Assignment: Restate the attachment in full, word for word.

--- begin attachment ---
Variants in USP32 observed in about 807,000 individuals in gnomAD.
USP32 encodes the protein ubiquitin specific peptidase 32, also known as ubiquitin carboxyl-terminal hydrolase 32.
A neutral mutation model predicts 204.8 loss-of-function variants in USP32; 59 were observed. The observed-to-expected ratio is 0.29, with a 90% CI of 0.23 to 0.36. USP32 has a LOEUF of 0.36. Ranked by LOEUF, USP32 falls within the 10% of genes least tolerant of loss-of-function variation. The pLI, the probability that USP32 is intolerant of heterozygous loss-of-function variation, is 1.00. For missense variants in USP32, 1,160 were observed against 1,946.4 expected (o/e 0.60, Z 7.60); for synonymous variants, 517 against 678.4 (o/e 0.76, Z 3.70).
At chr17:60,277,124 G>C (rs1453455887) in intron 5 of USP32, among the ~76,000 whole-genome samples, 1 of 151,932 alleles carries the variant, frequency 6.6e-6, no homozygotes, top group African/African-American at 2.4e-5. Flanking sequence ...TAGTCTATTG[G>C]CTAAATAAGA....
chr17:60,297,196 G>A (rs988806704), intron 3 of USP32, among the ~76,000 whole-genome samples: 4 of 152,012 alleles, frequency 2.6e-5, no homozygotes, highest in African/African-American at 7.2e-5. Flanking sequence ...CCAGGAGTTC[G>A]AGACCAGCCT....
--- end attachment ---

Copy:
Variants in USP32 observed in about 807,000 individuals in gnomAD.
USP32 encodes the protein ubiquitin specific peptidase 32, also known as ubiquitin carboxyl-terminal hydrolase 32.
A neutral mutation model predicts 204.8 loss-of-function variants in USP32; 59 were observed. The observed-to-expected ratio is 0.29, with a 90% CI of 0.23 to 0.36. USP32 has a LOEUF of 0.36. Ranked by LOEUF, USP32 falls within the 10% of genes least tolerant of loss-of-function variation. The pLI, the probability that USP32 is intolerant of heterozygous loss-of-function variation, is 1.00. For missense variants in USP32, 1,160 were observed against 1,946.4 expected (o/e 0.60, Z 7.60); for synonymous variants, 517 against 678.4 (o/e 0.76, Z 3.70).
At chr17:60,277,124 G>C (rs1453455887) in intron 5 of USP32, among the ~76,000 whole-genome samples, 1 of 151,932 alleles carries the variant, frequency 6.6e-6, no homozygotes, top group African/African-American at 2.4e-5. Flanking sequence ...TAGTCTATTG[G>C]CTAAATAAGA....
chr17:60,297,196 G>A (rs988806704), intron 3 of USP32, among the ~76,000 whole-genome samples: 4 of 152,012 alleles, frequency 2.6e-5, no homozygotes, highest in African/African-American at 7.2e-5. Flanking sequence ...CCAGGAGTTC[G>A]AGACCAGCCT....